bondcourtredesignimageCannonDesign’s recent work with Cook County to redesign their Central Bond Court to make it more just and equitable for defendants is profiled in a new piece from Fast Company: Can A Redesigned Courtroom Make the Justice System More Just?

The article highlights the fact that, “life can change in bond court” and that up until now, Cook County’s Central Bond Court has been a poorly designed, busy, distraction-prone place. Our team became involved in helping solve these challenges through our partnership with Civic Consulting Alliance when a former judge and justice began gathering stakeholders to create a better bond court for the county. Their goal was to create a better environment in Cook County and set an example for how bond courts should be designed across the country.

Below are brief excerpts and the full story can be read online.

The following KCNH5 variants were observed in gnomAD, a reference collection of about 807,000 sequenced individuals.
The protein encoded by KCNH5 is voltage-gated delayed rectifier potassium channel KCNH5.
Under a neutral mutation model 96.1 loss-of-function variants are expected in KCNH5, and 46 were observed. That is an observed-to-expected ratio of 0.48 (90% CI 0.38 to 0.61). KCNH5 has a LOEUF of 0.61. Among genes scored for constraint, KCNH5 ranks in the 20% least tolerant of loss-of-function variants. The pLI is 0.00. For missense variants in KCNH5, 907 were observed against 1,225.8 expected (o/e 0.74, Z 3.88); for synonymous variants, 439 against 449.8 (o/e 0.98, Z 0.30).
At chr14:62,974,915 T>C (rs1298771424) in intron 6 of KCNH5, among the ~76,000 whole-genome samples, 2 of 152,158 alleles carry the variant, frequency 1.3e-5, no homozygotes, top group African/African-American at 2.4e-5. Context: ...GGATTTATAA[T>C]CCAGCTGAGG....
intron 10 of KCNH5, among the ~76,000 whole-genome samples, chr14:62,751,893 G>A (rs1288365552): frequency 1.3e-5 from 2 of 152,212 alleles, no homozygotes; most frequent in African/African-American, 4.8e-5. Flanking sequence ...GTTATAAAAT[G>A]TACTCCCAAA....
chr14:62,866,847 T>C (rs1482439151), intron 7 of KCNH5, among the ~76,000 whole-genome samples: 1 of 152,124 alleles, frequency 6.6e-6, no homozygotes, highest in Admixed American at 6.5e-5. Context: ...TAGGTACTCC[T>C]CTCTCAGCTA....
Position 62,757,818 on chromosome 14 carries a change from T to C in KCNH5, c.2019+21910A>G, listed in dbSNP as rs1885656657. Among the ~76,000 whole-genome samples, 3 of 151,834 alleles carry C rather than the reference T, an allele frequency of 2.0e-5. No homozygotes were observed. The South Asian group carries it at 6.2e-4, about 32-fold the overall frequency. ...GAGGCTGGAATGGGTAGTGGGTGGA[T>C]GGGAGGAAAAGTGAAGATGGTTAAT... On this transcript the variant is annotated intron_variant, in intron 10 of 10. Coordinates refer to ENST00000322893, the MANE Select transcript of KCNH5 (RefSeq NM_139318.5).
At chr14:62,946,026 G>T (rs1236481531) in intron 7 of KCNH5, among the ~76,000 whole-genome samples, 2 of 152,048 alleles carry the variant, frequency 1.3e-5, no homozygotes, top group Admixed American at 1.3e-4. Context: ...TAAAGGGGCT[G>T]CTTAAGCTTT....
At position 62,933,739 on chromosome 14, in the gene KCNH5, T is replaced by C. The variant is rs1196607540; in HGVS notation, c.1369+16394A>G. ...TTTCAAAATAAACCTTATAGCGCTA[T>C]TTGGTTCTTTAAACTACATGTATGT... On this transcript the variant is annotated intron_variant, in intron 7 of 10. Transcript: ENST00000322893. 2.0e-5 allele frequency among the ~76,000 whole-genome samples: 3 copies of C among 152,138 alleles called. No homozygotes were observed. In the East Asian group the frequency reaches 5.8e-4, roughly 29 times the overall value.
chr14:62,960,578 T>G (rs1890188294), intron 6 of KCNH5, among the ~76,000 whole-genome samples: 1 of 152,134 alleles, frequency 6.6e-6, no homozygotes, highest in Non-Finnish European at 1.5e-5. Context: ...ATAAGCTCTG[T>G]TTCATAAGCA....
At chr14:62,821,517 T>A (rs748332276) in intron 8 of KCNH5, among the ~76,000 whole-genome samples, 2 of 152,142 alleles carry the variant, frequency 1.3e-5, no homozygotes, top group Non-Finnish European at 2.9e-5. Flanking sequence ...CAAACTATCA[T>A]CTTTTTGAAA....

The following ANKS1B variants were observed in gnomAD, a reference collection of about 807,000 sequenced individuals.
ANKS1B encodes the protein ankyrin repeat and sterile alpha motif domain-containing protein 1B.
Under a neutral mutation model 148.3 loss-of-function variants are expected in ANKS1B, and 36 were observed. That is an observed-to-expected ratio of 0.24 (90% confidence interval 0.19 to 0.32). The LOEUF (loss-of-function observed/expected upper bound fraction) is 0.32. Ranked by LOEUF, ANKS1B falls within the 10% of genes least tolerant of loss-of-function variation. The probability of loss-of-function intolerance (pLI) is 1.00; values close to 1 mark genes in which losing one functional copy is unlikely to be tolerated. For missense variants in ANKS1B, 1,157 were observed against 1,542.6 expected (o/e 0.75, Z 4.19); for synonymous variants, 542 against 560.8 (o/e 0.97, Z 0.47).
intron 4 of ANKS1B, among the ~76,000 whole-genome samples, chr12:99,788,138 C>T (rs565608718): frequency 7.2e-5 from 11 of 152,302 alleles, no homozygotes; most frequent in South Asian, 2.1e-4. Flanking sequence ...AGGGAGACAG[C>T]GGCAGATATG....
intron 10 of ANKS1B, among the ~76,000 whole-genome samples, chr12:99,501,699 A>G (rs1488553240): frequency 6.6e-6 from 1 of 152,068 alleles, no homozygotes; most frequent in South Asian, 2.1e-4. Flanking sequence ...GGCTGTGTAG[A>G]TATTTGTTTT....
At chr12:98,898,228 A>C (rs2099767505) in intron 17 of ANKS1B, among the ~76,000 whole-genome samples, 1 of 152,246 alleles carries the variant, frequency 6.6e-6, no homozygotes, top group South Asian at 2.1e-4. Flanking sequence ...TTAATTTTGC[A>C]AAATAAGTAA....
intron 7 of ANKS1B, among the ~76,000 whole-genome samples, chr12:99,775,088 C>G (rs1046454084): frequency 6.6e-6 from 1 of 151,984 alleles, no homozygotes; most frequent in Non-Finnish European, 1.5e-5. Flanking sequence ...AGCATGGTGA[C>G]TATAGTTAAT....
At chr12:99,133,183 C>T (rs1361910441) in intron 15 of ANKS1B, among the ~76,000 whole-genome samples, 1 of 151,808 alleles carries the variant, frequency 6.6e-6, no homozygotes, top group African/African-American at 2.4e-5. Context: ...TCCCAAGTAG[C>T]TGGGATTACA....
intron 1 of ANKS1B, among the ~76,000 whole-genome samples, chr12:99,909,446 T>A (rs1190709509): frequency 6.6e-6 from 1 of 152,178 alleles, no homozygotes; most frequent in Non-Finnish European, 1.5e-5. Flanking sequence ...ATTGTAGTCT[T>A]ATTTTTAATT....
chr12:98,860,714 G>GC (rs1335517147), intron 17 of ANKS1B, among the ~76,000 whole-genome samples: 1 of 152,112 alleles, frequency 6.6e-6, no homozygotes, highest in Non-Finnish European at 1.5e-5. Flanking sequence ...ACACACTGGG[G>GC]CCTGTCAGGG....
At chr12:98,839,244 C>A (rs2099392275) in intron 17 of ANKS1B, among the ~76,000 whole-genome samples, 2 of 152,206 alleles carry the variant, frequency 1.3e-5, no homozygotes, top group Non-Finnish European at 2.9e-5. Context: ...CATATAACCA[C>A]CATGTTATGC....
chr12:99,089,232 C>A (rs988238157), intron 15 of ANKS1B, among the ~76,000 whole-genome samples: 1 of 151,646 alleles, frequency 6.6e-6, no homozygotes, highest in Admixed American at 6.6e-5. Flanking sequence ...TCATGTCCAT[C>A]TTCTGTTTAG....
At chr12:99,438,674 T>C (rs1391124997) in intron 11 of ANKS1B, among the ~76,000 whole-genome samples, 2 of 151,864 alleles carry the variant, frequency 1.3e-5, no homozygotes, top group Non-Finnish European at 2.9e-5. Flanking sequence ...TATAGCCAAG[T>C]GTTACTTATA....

On the complex realities in the courtroom

“It’s only a 2,000 sf room, but you have hundreds of people’s immediate – or unfortunately, longer-term futures – being decided just in that one space,” said Emma Cuciurean-Zapan. “Interacting are up to nine different state and local agencies in that room, in about 37 seconds.”

Cook County Bond Court

Project: Cook County Bond Court

The courtroom was originally designed for regular trials, not bond hearings. A giant jury box takes up much of the space, even though there isn’t a jury. The placement of the judge’s bench, at an awkward angle in the corner, makes it hard for family members in the audience to hear what’s happening. A constant stream of people walk through the courtroom, disrupting proceedings. The many parties involved in a hearing aren’t well arranged.”

On courtrooms across the country

As the designers researched bond courts around the country, most had some similar problems.

“What we found was that most of them were in one way or another just like the one we addressed here in Cook County,” says Timothy Swanson, who leads CannonDesign’s Chicago office. “That is, they were a regular courtroom that had just been repurposed to handle the bond process. The reality is this space was not defined or designed for the way it’s being used right now.”

Read the full article on Fast Company’s website >